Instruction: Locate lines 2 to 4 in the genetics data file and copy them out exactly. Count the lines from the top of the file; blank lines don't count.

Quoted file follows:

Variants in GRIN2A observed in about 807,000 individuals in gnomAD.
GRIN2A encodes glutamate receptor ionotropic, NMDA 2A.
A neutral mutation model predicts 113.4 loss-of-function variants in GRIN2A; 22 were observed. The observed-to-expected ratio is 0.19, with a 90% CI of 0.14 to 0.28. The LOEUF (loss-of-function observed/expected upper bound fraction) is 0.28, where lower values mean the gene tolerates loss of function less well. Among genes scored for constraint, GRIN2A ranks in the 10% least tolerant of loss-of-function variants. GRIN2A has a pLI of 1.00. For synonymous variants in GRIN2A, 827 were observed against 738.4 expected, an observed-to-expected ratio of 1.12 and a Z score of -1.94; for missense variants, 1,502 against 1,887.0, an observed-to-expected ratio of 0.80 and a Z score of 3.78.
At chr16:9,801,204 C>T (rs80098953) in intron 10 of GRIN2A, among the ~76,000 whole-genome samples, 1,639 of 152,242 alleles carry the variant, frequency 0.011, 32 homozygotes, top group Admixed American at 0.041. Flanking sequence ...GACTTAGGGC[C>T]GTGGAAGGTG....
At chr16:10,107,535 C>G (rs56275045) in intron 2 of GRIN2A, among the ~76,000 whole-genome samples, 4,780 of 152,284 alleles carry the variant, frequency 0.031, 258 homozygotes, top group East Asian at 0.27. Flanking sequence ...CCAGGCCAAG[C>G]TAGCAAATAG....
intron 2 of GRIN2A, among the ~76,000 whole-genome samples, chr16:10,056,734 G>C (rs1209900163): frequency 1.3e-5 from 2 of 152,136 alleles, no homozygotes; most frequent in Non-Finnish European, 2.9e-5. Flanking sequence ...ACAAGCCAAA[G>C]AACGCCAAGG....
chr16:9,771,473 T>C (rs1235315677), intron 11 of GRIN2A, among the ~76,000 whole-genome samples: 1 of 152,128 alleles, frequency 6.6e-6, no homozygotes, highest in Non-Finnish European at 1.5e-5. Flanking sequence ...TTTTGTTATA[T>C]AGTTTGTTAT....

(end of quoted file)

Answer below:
GRIN2A encodes glutamate receptor ionotropic, NMDA 2A.
A neutral mutation model predicts 113.4 loss-of-function variants in GRIN2A; 22 were observed. The observed-to-expected ratio is 0.19, with a 90% CI of 0.14 to 0.28. The LOEUF (loss-of-function observed/expected upper bound fraction) is 0.28, where lower values mean the gene tolerates loss of function less well. Among genes scored for constraint, GRIN2A ranks in the 10% least tolerant of loss-of-function variants. GRIN2A has a pLI of 1.00. For synonymous variants in GRIN2A, 827 were observed against 738.4 expected, an observed-to-expected ratio of 1.12 and a Z score of -1.94; for missense variants, 1,502 against 1,887.0, an observed-to-expected ratio of 0.80 and a Z score of 3.78.
At chr16:9,801,204 C>T (rs80098953) in intron 10 of GRIN2A, among the ~76,000 whole-genome samples, 1,639 of 152,242 alleles carry the variant, frequency 0.011, 32 homozygotes, top group Admixed American at 0.041. Flanking sequence ...GACTTAGGGC[C>T]GTGGAAGGTG....